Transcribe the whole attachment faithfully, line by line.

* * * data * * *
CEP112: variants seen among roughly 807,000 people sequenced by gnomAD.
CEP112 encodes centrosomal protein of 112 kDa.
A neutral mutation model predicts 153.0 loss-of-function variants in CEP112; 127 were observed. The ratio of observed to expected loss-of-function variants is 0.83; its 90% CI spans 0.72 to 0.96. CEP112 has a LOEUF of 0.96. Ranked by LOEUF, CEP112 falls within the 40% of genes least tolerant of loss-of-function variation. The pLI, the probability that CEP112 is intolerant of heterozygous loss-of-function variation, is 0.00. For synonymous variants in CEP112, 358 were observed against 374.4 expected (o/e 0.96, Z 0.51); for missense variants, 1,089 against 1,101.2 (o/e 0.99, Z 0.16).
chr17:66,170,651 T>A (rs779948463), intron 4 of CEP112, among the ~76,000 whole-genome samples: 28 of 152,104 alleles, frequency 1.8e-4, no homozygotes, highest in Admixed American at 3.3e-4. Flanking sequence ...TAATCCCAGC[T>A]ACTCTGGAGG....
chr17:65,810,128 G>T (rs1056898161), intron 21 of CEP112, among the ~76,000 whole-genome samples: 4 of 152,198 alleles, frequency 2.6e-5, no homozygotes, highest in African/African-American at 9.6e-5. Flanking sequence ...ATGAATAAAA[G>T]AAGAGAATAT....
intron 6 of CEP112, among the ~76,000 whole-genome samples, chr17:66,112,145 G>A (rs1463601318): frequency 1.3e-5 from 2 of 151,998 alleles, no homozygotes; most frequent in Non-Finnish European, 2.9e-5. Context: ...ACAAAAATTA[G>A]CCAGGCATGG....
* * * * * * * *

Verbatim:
CEP112: variants seen among roughly 807,000 people sequenced by gnomAD.
CEP112 encodes centrosomal protein of 112 kDa.
A neutral mutation model predicts 153.0 loss-of-function variants in CEP112; 127 were observed. The ratio of observed to expected loss-of-function variants is 0.83; its 90% CI spans 0.72 to 0.96. CEP112 has a LOEUF of 0.96. Ranked by LOEUF, CEP112 falls within the 40% of genes least tolerant of loss-of-function variation. The pLI, the probability that CEP112 is intolerant of heterozygous loss-of-function variation, is 0.00. For synonymous variants in CEP112, 358 were observed against 374.4 expected (o/e 0.96, Z 0.51); for missense variants, 1,089 against 1,101.2 (o/e 0.99, Z 0.16).
chr17:66,170,651 T>A (rs779948463), intron 4 of CEP112, among the ~76,000 whole-genome samples: 28 of 152,104 alleles, frequency 1.8e-4, no homozygotes, highest in Admixed American at 3.3e-4. Flanking sequence ...TAATCCCAGC[T>A]ACTCTGGAGG....
chr17:65,810,128 G>T (rs1056898161), intron 21 of CEP112, among the ~76,000 whole-genome samples: 4 of 152,198 alleles, frequency 2.6e-5, no homozygotes, highest in African/African-American at 9.6e-5. Flanking sequence ...ATGAATAAAA[G>T]AAGAGAATAT....
intron 6 of CEP112, among the ~76,000 whole-genome samples, chr17:66,112,145 G>A (rs1463601318): frequency 1.3e-5 from 2 of 151,998 alleles, no homozygotes; most frequent in Non-Finnish European, 2.9e-5. Context: ...ACAAAAATTA[G>A]CCAGGCATGG....